We had decided that we were going to finally have lambs soon. Since we were making the Christmas dinner the feeling was we would get inundated that morning. So on Saturday Annmarie and I went out to the barn for 20 minutes to move the ram over into the bull enclosure. I went to get panels from the large hay bale pile and Annmarie set up panels in the momma enclosure. I used the tractor to haul 7 panels over into the barn lot and then we hooked the panels together creating an alley way to the bull enclosure. I was one panel short so we pulled over a 16 foot cow panel that was stored over against the barn fence.

We sorted sheep using the chute in the barn and got the ram and three young females off the main herd. None of the females are pregnant and can hang out with him in the separate enclosure. We have learned not to put the animals by themselves as they just don’t do very well, always anxious and trying to get through the fence.

The ram with his three females. They were super happy as no animal had been inside the enclosure for over two months allowing the grass to grow undisturbed. We spent 2.5 hours moving and sorting animals!

I needed to clean out both cars as they both have engine lights on but Annmarie’s car seems to have an electronic ghost. Mine just has an engine light. I got a recall notice last week saying it can be a fuel tank indicator that can cause this and the part won’t be available until the spring of 2019.

I had a friend give me some old Toyota truck snow tires and I used the tractor to lift my trailer and change out the tires. I was pleasantly surprised when the tires fit the trailer. We are back in business and I loaded the trailer up with alfalfa from the machine shed. I will store it under cover in the lamb shed. I can feed the ram out of it and it will be available when I need to start feeding the cows small bales. I have 6 large bales left to feed the cows then I will be using the trailer to feed them small bales of alfalfa. The nice thing is I can pull the trailer with my tractor and get another three bales of hay in the front bucket.

Once I got the trailer into the lamb shed I used the 3 point quick hitch to lift it off of the ball. I hooked the safety chains into the hooks and then just lifted it off. This was very slick, now if only it will be that easy when I go to hook it back up.

I had to go feed and take care of my chickens. I had to carry another 100# of feed out to them. I noticed that the enclosure door was broken. One of the sheep got stuck in the enclosure and she just kept ramming her body against the fence in several places. She broke off one of the 4×4 posts. I ended up installing eyehooks and then using chain and a self tightener to pull the broken post into place. The only real issue is you have to pick your feet up when crossing the door threshold. I happened to spot all these hand grinders on the old house back porch. This doesn’t include the three sets we have inside the house.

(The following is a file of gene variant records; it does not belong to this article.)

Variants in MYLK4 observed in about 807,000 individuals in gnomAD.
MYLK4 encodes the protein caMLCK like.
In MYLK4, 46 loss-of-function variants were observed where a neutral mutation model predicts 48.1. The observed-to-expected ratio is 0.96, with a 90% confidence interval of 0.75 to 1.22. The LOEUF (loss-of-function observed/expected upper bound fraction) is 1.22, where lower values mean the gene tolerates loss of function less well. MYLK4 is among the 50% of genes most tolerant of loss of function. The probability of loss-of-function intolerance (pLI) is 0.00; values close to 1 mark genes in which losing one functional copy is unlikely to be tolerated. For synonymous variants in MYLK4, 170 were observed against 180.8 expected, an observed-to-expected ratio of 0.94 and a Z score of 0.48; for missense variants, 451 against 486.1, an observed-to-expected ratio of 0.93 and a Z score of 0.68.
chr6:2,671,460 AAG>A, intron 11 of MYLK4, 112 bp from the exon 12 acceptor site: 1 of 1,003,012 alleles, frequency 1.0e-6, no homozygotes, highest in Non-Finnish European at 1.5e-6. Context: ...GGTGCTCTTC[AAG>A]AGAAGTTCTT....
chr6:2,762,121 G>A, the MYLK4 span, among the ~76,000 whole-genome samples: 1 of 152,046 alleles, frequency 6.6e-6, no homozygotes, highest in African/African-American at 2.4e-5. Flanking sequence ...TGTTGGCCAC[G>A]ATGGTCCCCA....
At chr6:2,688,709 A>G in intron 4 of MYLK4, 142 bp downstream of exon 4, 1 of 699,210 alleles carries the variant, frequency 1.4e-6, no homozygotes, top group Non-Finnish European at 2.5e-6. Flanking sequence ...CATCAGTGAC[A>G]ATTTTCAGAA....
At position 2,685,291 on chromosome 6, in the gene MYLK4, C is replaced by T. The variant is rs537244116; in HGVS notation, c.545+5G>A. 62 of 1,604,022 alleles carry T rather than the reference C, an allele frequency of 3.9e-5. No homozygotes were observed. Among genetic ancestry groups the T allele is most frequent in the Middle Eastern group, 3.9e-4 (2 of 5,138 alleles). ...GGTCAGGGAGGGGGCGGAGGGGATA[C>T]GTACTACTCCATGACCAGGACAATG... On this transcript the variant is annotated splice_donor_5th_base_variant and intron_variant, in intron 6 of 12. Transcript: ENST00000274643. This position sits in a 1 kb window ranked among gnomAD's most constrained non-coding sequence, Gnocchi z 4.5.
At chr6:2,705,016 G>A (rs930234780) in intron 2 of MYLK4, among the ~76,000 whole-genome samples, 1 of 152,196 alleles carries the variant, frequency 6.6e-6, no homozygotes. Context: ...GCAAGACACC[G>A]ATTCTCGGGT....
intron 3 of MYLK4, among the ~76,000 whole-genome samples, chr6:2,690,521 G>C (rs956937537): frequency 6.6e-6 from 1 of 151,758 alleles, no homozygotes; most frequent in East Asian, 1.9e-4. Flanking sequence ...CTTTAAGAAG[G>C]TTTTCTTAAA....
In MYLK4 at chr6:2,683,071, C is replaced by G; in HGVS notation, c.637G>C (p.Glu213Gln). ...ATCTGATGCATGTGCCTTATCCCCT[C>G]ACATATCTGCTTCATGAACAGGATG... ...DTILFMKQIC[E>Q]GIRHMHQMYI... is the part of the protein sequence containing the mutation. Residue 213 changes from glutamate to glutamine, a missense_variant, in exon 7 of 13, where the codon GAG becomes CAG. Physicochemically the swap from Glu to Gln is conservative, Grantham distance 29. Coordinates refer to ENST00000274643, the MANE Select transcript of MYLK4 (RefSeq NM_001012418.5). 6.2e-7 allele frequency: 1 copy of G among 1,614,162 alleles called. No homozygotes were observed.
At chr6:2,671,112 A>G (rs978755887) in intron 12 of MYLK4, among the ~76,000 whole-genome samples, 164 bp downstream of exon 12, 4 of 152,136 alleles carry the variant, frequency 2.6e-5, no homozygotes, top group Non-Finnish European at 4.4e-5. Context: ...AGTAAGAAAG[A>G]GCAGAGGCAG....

I am going to have to install a couple of new posts in the chicken fence and rip out about 50% of it. I no longer need it all around the entire coop. The chickens are free range anyways.

I was supposed to take Annmarie out for her birthday dinner and had managed to keep an outside fire burning for three days. I was burning scrap wood, cardboard and branches that the wind had blown out of the trees. We had no wind for that entire time and when we went to go out to dinner the wind had picked up and was throwing hot coals 20-30 feet.

Annmarie made me put it out before we left for dinner. I actually managed to get the entire thing out and cooled so the wind did not restart it while we were gone.

Grass is greener on the other side

Last weekend I spent three days trying to plant the last of the grass hay pasture in the upper fields. I had to drag the field with the harrow to knock down the weeds and smooth out the ground. One advantage of all the rain is that it softened up the dirt clods I had inadvertently created this summer. I managed to get the ground pretty smooth.

Friday was a gorgeous day! The temperature was pleasant and I was able to work most of the day on the tractor. I was able to finish the day and tell Annmarie that I was gonna get it done this weekend! I even managed to plant and cover almost 1.5 acres.